An in-depth discussion of John Hattie's "Visible Learning"Posts RSS Comments RSS

Summary (Chapter 4)

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8 Responses to “Summary (Chapter 4)”

  1. resume templates says:

    Just read this ……

    Real fantastic visual appeal on this internet site , I’d rate it 10 10….

  2. Tucker Tapscott says:

    This summary was awesome! I really like how the one student stated that we should stick up for what we believe and not jump on the band wagon. Opinion is great if research is there to back it up. The overall presentation was awesome!

  3. Char Gaudette says:

    As we discussed yesterday, “interventions” like diet & drugs have no correlation on student ACADEMIC achievement. They are only “quick fixes” that temporarily make the teacher and some parents happy. I loved in Lloyd’s article when he said that medicines control behavior but the teacher still needs to TEACH (197). If only more people realized that yet! Yes, medicines can be helpful for certain individuals (not everyone) but the medicines don’t make the students suddenly know the content. They may be able to focus more or have less behavior issues which some people may confuse with academic success but the TEACHER still needs to TEACH and I see how Teach Like A Champion goes hand and in hand with this. The techniques in the book show teachers how to deliver the content and help the students get to mastery. And great job on the site Crystal!! It looks amazing!

  4. Crystal Prince says:

    Thank you for your recommendation for the book “Teach Like a Champion”. Will pick it up and add to my collection!

  5. Will H Burrow says:

    I viewed the discussion on drugs. I assume you are all graduate students preparing to go into some aspect of special education. You will find drugs–sometimes initiated by parents and sometimes encouraged by schools. You will find that most of the prescribing physicians do not ask for public school input/data. Drugs are an intervention (sometimes effective and sometimes not) and like any intervention their use should be data driven. You need to work with parents and your peers to define what academic or behavior outcomes are targeted by the drug(s) in question. Your role is to collect data and provide it to the parent on a regular basis. If the data indicates no benefit you need to work with the parent to have the medication changed or eliminated and then you do additional measures to determine the impact of the change. Clearly, drugs are not a cure and should only be one part of a comprehensive intervention. Hopefully, the other parts of the intervention are effective and the use of drugs can be discontinued. From an ethical standpoint drugs should be the intervention of last choice and that is what you should advocate. However, you are not likely to be in control and you should be prepared to collect solid data and use that data to influence future decisions.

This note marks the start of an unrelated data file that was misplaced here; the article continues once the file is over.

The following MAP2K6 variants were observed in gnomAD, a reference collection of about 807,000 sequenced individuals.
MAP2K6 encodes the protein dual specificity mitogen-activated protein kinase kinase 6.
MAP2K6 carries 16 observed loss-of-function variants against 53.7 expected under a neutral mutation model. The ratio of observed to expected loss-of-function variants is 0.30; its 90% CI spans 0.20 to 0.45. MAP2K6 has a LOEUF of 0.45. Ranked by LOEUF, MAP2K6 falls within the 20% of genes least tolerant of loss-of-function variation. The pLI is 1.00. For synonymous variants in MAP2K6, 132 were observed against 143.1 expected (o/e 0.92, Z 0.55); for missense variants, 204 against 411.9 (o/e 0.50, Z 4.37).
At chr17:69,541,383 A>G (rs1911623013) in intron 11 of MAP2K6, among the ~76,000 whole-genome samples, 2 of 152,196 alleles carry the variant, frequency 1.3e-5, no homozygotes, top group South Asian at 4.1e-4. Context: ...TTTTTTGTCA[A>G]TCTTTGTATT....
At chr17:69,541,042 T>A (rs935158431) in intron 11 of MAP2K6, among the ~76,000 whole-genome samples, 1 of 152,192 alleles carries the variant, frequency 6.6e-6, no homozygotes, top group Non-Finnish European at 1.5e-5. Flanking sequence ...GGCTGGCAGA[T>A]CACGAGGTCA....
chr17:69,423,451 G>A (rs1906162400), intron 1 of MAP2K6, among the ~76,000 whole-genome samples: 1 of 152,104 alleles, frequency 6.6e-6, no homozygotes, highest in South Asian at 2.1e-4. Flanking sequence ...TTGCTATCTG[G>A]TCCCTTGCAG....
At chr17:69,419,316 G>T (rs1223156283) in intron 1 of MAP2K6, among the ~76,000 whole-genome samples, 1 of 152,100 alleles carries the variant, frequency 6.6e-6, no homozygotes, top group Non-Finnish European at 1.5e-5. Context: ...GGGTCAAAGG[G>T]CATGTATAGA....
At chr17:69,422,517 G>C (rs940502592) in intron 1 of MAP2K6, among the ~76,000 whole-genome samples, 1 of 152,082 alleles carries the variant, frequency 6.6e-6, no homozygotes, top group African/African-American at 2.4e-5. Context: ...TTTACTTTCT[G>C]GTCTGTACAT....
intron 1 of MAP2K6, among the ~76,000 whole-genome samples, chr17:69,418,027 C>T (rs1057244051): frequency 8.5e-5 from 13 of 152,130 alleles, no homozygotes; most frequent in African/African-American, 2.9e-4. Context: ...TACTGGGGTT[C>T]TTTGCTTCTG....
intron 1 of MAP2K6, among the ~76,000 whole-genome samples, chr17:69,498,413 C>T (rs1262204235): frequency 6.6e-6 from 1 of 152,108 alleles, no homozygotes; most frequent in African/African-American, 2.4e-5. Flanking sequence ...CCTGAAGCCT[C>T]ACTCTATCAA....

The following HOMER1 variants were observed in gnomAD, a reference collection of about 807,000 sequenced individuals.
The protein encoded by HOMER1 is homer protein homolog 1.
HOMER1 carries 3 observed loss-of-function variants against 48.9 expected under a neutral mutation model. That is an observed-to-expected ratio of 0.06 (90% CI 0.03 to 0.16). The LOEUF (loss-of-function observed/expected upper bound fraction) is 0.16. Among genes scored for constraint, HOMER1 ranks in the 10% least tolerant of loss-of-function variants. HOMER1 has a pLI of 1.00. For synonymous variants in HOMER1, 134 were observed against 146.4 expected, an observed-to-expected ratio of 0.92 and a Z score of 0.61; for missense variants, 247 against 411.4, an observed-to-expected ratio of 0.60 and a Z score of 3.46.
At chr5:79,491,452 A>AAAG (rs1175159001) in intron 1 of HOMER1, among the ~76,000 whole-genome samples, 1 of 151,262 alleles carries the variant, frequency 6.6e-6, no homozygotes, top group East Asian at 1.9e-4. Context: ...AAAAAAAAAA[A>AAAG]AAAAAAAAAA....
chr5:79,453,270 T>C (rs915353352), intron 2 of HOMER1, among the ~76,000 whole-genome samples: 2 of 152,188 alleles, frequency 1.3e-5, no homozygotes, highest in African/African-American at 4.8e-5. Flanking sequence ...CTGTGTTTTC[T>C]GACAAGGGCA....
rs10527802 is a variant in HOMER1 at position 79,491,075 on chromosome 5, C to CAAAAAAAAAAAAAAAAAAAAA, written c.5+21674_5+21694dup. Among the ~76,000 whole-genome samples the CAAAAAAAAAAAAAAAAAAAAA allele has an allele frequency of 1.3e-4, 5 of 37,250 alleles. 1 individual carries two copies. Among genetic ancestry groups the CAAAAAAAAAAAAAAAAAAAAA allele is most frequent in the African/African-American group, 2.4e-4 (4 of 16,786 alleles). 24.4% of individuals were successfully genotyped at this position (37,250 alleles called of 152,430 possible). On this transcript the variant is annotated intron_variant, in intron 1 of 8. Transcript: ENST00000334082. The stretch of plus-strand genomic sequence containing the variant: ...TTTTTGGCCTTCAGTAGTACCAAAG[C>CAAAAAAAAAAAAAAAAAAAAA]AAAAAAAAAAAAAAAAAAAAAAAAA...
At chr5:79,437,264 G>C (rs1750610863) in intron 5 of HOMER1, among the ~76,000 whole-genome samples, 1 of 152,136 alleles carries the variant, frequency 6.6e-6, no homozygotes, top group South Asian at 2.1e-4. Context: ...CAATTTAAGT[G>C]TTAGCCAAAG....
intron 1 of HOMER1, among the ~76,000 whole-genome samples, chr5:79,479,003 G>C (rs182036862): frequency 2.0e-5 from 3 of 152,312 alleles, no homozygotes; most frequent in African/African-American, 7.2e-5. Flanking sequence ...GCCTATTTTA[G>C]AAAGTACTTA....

hattie has written a great book. You should also get Lemov’s book “Teach Like a Champion”. If you integrate the recommendations of both books into your educational practices you can throw out most everything else you have been taught.

  6. Lauren Montgomery says:

    Going back to what Crystal pointed out, those “buzz words” are what educators have come to believe are what are benefiting our students! I would like to know who is telling them all of these factors are effective! Do we blame the school system, their higher educational institutions, television, etc.?

    In addition, we are now responsible for getting the truth out after being a part of this class and working through these ideas in order to discontinue these widely popular beliefs. This includes standing up for not only the research, but for our students!

    This was well done! I really think it was a great introductory discussion into the chapter!

  7. Crystal Prince says:

    Also, discussion was well presented! Great job, everyone!

  8. Crystal Prince says:

    I agree! The current “buzzwords” that have become popular in many school systems today have very little support from research. Diet, drugs, etc. seem like the answer and involve very little effort from the teaching staff. It seems that this supports the idea that teachers point the finger of responsibility to others when it comes to the academic failings of a student. It is essential that we, as future teachers, rely on strategies with research based support in order to make our students as successful as possible.

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